Foreign manufacturers are concerned Beijing might require them to hand over valuable technology and help local partners create "indigenous brands" as the price of being allowed to sell electric cars in China. The Ministry of Industry and Information Technology developed the plan. The proposal that foreign automakers could only be minority partners in electric car ventures, less than the 50-50 partnership allowed for conventional autos, might give Chinese partners control over technology that could be used to create competing products.
Foreign automakers were initially reluctant to sell electric cars in China because regulators required them to transfer valuable intellectual property to local partners or face import duties of 25 percent even if the vehicles were produced at a Chinese factory. Late Beijing eased those requirements in an effort to attract foreign participants. In 2017, foreign automakers complained final ground rules for electric vehicle production were still not clear. [Source: Associated Press, April 22, 2017]
Both Chinese and non-Chinese automakers see China as an important center to develop electric technology as well as a huge potential market. Ford Motor Co. has provide three hybrid and all-electric vehicles to government agencies and later on to consumers to study how Chinese drivers use them. Ford has recruited Chinese engineers to work on alternative cars. Fang Yan and Don Durfee of Reuters wrote, “Local automakers like SAIC Motor and Dongfeng Motor Group have pledged large investments in greener vehicles. Global automakers, including BMW and Nissan Motor, are also working with local governments to roll out such vehicles — in these two cases the Mini E and the Leaf, respectively.” [Source: Fang Yan and Don Durfee, Reuters, July 3, 2011; AP, April 20, 2011]
The relations between Chinese automakers and foreign companies that provide advanced technology are complex as both partners and potential rivals. Dongfeng Motor Co.'s plug-in Shuaike is produced in a joint venture with Nissan Motor Co. Dongfeng says the vehicles have been sold to government agencies and future public sales might be possible. But Nissan plans to import its all-electric Leaf rather than produce them in China, possibly to avoid having to share more advanced technology. [Source: AP, April 20, 2011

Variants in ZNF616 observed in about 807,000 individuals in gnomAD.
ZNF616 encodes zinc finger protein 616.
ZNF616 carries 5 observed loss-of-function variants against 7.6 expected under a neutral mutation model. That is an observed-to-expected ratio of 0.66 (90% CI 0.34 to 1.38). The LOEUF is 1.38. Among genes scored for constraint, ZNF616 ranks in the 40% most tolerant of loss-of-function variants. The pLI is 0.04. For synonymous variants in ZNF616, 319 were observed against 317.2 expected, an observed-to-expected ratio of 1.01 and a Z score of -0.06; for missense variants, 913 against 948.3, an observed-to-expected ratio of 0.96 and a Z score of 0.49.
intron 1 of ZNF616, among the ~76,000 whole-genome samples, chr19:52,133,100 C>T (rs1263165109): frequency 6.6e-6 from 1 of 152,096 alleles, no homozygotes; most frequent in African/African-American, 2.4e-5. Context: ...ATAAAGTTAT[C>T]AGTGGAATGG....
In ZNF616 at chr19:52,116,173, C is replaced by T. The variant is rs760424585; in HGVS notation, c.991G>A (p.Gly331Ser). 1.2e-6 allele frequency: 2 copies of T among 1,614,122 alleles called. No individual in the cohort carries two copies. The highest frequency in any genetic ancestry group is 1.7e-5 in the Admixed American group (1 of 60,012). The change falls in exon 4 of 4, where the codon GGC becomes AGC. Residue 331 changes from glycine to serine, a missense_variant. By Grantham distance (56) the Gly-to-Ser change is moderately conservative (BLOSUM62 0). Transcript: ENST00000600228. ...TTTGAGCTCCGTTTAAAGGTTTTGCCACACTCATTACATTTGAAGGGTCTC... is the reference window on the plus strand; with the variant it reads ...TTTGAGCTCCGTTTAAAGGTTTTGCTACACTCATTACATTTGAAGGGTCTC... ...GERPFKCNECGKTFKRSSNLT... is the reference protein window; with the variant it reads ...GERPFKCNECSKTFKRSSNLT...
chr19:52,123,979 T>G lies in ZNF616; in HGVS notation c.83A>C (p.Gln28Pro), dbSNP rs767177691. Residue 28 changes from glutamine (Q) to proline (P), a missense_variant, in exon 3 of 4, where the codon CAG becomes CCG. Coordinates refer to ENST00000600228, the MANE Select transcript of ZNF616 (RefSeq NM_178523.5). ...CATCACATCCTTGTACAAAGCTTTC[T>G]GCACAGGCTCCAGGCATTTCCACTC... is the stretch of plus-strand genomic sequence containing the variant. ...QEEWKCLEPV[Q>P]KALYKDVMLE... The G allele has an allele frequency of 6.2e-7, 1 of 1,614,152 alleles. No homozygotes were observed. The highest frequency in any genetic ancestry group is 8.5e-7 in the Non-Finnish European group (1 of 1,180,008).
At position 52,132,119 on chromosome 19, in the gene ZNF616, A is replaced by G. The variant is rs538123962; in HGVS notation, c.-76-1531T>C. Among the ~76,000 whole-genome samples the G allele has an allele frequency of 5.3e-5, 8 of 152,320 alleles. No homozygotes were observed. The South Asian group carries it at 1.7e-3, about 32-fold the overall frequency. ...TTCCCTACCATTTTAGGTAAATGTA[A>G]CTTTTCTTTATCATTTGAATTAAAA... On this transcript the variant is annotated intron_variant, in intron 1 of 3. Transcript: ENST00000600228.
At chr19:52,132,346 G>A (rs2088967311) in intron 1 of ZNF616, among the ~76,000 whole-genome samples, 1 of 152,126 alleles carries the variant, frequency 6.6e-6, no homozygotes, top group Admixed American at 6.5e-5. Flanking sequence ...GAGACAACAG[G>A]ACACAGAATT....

Incentives, Quotas and Gluts in the Chinese Electric Car Market
In the mid 2010s, the central government gave buyers subsidies of up to 55,000 yuan ($8,500) for each car. In addition, electric vehicles were exempt from sales tax and license plate quotas Beijing, Shanghai and other cities aimed at curbing congestion and smog. The incentives and subsidies that are being were schedules to be phased out over time and stopped by the year 2020. The Chinese government has expanded China's network of charging stations to reduce "range anxiety," or buyers' fear of running out of power. In early 2017, it announced a goal of having 100,000 public charging stations and 800,000 private stations operating by the end of the year. [Source: Associated Press, April 22, 2017]
In July 2014, China told government officials to use more electric and plug-in hybrid cars as part of its drive to cut pollution with the aim of putting 5 million such vehicles on the road by 2020. Reuters reported: “So-called new-energy vehicles must account for at least 30 percent of all cars or vans purchased annually by central government agencies and some city governments from 2014 through 2016, with the proportion set to rise after that, said the National Government Office Administration. Government agencies will be offered subsidies to buy new-energy vehicles, which the government defines as all-electric vehicles, plug-in electric hybrids and hydrogen electric fuel-cell cars. Under the new step, those government offices are also required to build charging stations and improve other infrastructure for green vehicles. The new rules came days after China scrapped a purchase tax for new-energy vehicles, fearing that it had fallen far behind in meeting a target of putting 500,000 new-energy vehicles on the road by 2015. [Source: Reuters, July 14, 2014]
In 2017, China upheld strict sales quotas for electrically powered vehicles. The draft, posted on the website of the Legislative Affairs Office for China's cabinet, maintains that automakers must sell enough electric or plug-in hybrid vehicles to generate "credits" equivalent to 8 percent of sales by 2018, 10 percent by 2019 and 12 percent by 2020 — criteria many in the industry deem too ambitious. “The number of credits per car is based on the level of electrification. [Source: Michael Martina and Norihiko Shirouzu, Reuters, June 13, 2017]
Around the same time China said it planned to halt issuing permits to produce electric vehicles because of concern additional approvals may lead to a glut.The National Development and Reform Commission, which oversees new investments in the auto industry, wants to evaluate the program after handing out 15 production licenses since March 2016, officials told Bloomberg. A suspension of new permits may delay plans by companies such as Internet entrepreneur William Li’s NIO and Jia Yueting-backed LeEco’s electric-car unit that have said they intend to apply.[Source: Bloomberg News, June 5, 2017]
Reuters reported: EV startups in China proliferated after the government, looking to fuel a more determined switch to electricity as the ultimate alternative to petrol, liberalized and opened its automotive industry to allow deep-pocketed tech firms to invest as long as they dabble in electric cars. Chinese tech giants like Baidu, Alibaba, Xiaomi and Tencent funded more than half a dozen EV start-ups, which include NextEV and CH-Auto. Le Holdings, also known as LeEco and formerly as LeTV, was seen as a promising start up. ,[Source: Norihiko Shirouzu, Reuters, April 20, 2016]